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Winter 2006/2007
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Geography and GIS—Communicating Our World

GIS Is Providing a New Medium for Understanding

By Jack Dangermond

Geography--communicating our worldLast summer's Esri International User Conference theme reflects the new and expanding role of GIS professionals—communicating our world using GIS technology. This article explains this role and outlines some of the underlying technologies that will support this vision.

Our world is changing rapidly, increasingly challenged and influenced by virtually everything we as humans do—and also don't do.

This change is being driven by a number of dynamics: increasing population, resource consumption, development and globalization, and political and social conflict. Finally, technological change, particularly in the information field, is growing and expanding our access to virtually every sort of knowledge. We are becoming an information-rich society.

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Perhaps more than any other factors, our population growth and related national resource consumption are two of our greatest concerns. These concerns are threatening our climate and biodiversity, our natural places, our stability and security, and human health. Some people suggest these ongoing changes will affect our ability to sustain our environment and, ultimately, civilization itself. Clearly we face a challenging future.

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To meet these challenges, we will all need to participate. As humans, we need to have greater understanding for each other—more empathy. We need to accept the shared sense of responsibility for what's going on throughout the planet and have the courage and will to act. On many fronts, we need more collaborative efforts and stronger leadership that consider all the factors related to policy and decision making.

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We also need geographic science as a framework for responding to these challenges. This is where GIS is beginning to fulfill a significant role, supporting our personal and collective efforts within organizations and society at large.

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GIS Is a New Medium

GIS is becoming a new medium for humans to understand, communicate, and collaborate.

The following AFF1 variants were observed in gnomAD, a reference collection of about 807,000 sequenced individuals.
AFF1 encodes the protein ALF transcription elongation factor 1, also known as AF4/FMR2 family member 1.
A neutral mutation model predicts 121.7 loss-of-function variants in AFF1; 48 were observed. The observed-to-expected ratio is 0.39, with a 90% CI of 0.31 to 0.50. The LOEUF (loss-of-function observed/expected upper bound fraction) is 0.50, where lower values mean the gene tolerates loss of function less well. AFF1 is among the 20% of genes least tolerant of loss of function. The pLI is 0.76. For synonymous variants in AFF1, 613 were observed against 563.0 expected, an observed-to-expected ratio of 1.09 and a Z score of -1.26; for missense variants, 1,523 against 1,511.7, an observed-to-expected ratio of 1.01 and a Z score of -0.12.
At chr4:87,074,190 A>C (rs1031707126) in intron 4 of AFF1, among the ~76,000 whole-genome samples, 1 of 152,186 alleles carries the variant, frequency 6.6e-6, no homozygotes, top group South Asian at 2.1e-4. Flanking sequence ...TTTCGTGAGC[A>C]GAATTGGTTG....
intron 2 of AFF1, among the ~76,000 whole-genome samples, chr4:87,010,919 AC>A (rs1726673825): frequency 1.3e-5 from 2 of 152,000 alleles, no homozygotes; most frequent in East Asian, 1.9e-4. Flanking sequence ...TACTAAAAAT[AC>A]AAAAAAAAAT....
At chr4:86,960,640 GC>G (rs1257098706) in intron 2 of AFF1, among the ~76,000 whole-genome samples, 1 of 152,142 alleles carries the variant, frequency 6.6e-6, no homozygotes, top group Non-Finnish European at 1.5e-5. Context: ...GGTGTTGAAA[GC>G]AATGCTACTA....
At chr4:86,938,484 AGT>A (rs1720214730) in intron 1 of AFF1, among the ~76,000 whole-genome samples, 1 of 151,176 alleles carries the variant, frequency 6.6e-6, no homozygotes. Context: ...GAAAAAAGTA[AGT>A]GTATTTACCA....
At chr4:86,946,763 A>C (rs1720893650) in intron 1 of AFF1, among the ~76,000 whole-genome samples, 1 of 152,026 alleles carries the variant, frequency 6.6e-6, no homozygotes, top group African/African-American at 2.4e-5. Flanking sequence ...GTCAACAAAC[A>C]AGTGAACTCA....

GIS is being used to model the physical and cultural knowledge of our world, breaking it down into components and subsystems, providing us with systematic knowledge, an integrative framework, analytic methods, and intuitive visualization. GIS is attractive to humans because it responds to both the cognitive as well as intuitive dimensions of understanding. GIS creates order and meaning. It is helping us define interconnections and interdependencies, and it provides a broad understanding of nature and human ecology.

GIS is influencing how we see things and how we respond. It is helping us build a common understanding, creating a sense of engagement, providing greater science and logic, and improving accuracy and realism. Finally, because GIS is integrating with real-time data or "sources," it is providing immediacy.

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The Future

GIS technology is evolving on the Web, making geographic knowledge easier to access and more available. As the natural and cultural processes of the planet become more wired or "connected," we will increasingly see new geographic information services and communities of users who incorporate these services into their daily decision making. Some have called this new environment the GeoWeb—a geospatial dimension of the cyberinfrastructure.

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What the GeoWeb Means

GIS on the Web will provide many new possibilities for sharing, integrating, and leveraging geographic knowledge. GIS professionals will increasingly make available (publish) their data, maps, spatial analysis models, and 3D visualizations as services for others to access and use. This will create a whole new way of thinking about GIS. Our combined services will provide a new distributed GIS that is open, interoperable, and dynamic. Individual systems and communities will use each other's services, breaking down the earth into components and allowing the dynamic integration of knowledge. The management of this knowledge will be distributed. Services will be interconnected to create new services, and as a result, various parts of organizations will become increasingly collaborative and interdependent. Eventually, these services will provide a global network of geographic knowledge for the planet that is widely accessible and reflects the dynamic changes occurring.